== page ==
Aug 19

A Soldier’s Tale of WWI 7-5.2

In this lesson, students take on the work of a historian by analyzing political cartoons create from the perspective of a local WWI soldier.

Click here to download the full lesson with attached handouts. A Soldier’s Tale of WWI

South Carolina Standards

7-5.2 Explain the outcome and effects of World War I, including the conditions and failures of the League of Nations and the Treaty of Versailles and the effects of major treaties on population movement, the international economy, and shifts in borders. (H, P, G, E)


GS-5.1 Summarize the causes of World War I, including political and economic rivalries,

ethnic and ideological conflicts, and nationalism and propaganda.



  • Students will analyze political cartoons from WWI
  • Students will make inferences about the causes and effects of the Great War from a soldier’s perspective.


Time Required                                                                    Recommended Grade Level

1 class period                                                                          Middle/High


Lesson Materials


Lesson Preparation

  • Use this lesson as an introduction or closure activity as part of your WWI studies.
  • Visit the Douglas G. Ward collection website to search through the sketchbook
  • Print a class set of the images associated with this lesson.
  • Print the political cartoon analysis guide.
  • Read historical background for Douglas G. Ward.


Lesson Procedure

  • Pass out printed images for students as a starter activity.  On a separate sheet of paper, have students write down what they notice about each picture and any questions they may have.
  • Explain to students that political or editorial cartoons are created to express an opinion about a political or media event. Explain to students that there job is to analyze the cartoons to determine what point the artist was making.
  • Give students a brief summary telling about the work of Douglas G. Ward.

(Ward was corporal in the British army during World War I.  He is virtually unknown but he created a collection of drawings during his time in the military.  This sketchbook lets us in on the history of WWI from a soldier’s perspective.  His sketchbook of photographs still exists in its complete form and is available through the Department of Rare Books and Special Collections at the University of South Carolina as a part of the Great War collection.).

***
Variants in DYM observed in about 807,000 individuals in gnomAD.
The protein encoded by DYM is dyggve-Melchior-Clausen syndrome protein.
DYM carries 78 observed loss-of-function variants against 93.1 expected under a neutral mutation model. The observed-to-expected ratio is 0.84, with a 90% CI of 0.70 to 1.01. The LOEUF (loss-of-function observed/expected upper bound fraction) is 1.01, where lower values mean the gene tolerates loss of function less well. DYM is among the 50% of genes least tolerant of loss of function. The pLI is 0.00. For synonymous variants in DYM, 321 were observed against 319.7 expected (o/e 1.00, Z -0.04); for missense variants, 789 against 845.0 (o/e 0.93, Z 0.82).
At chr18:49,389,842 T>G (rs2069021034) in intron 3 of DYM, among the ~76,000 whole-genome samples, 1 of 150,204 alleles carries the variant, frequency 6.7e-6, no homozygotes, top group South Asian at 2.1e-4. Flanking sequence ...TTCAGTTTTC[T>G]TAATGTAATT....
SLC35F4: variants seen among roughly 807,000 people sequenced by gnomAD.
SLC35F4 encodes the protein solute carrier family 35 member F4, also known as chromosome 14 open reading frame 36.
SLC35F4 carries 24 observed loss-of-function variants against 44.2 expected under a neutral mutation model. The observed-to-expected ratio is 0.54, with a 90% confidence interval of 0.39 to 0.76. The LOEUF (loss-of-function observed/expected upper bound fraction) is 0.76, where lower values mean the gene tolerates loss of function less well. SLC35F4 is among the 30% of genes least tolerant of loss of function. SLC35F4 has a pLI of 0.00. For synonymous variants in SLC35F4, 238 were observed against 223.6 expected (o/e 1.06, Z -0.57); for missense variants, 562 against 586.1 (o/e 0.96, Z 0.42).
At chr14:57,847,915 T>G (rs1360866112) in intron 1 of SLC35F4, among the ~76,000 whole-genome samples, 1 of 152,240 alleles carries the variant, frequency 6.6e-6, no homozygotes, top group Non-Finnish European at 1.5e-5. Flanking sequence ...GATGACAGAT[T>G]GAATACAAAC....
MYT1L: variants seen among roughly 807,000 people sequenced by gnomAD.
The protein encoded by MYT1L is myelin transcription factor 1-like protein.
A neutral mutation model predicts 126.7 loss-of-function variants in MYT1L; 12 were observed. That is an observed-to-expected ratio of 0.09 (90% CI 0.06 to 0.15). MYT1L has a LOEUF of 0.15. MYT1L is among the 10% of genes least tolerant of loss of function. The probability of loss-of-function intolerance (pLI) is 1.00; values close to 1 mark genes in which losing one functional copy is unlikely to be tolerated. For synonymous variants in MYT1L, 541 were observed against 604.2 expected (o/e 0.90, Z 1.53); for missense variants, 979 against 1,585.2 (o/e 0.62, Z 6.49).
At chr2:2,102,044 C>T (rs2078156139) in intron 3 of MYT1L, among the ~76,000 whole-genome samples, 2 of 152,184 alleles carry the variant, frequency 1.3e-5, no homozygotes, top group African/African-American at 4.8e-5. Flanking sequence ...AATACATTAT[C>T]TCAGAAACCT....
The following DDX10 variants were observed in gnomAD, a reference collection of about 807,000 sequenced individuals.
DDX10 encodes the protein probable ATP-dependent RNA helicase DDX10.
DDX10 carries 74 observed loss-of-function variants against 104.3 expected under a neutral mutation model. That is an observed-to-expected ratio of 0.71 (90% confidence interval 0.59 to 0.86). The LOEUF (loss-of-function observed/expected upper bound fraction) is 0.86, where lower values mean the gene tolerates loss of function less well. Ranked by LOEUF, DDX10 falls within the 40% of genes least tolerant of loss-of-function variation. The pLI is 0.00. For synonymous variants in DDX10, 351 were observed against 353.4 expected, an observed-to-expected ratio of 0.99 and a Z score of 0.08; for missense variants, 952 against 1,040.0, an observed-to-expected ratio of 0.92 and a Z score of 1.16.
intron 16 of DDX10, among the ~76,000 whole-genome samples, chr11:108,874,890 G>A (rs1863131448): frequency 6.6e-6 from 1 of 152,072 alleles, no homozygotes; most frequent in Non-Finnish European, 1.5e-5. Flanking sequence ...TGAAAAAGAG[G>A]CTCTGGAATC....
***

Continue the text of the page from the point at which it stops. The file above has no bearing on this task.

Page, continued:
• Project the first of the three images, The Fortune Tellers, and begin the analysis process together with students.  Ask the following questions and gather feedback from students.
    • What did you notice about this picture?  What questions do you have?  Point out the table with the spinner.  Also point out the different topics on the spinner.
    • Is there anything familiar about the picture?  Can you relate any ideas represented to what we’ve learned about WWI?
    • What’s happening in the cartoon?
    • What do you think is the intended audience?
    • What point do you think the cartoonist was trying to make?
    • What do you wonder about?
    • Pass out the political cartoon analysis guide.
    • Direct students to the two final images passed out during the starter activity, Sgt. Bombay and After the War. Allow time for students to analyze the pictures using the analysis guide.
    • Reconvene and review student answers to the following questions.
      • What point do you think the cartoonist was trying to make in the Sgt. Bombay picture?
      • What point do you think the cartoonist was trying to make in After the war?
      • Explain to students that now they will combine their analysis for all three pictures to make inferences about the effect of the war on soldiers. Write student responses to the question, what point do you think the cartoonist was trying to make, on the board.
      • Direct students to re-read each of the responses and look at all three of the pictures as if they are telling a story. Ask:
        • What story is the cartoonist trying to tell or what opinion is he trying to get across?
        • What would you say was the social impact of drafting soldiers to war during WWI?
        • Direct students to draft a summary of their response to the question within at least three paragraphs.  Allow time to write or assign for homework.
        • Reconvene to discuss their ideas.



What would you say was the social impact of drafting soldiers to war during WWI?  Evaluate students on their ability to support their inferences with facts and responses to analysis questions.  Responses should be at least three complete paragraphs.


Lesson Extension Options

  • Have students search through the Ward collection to find one other drawing to analyze and write about.

Digital Collections Information

This lesson plan is based on images and/or documents derived from the Douglas G. Ward collection available from the University of South Carolina’s Digital Collections Library.


To see other collections that may be helpful to your search, visit the Digital Collections homepage or visit SCDL’s collections.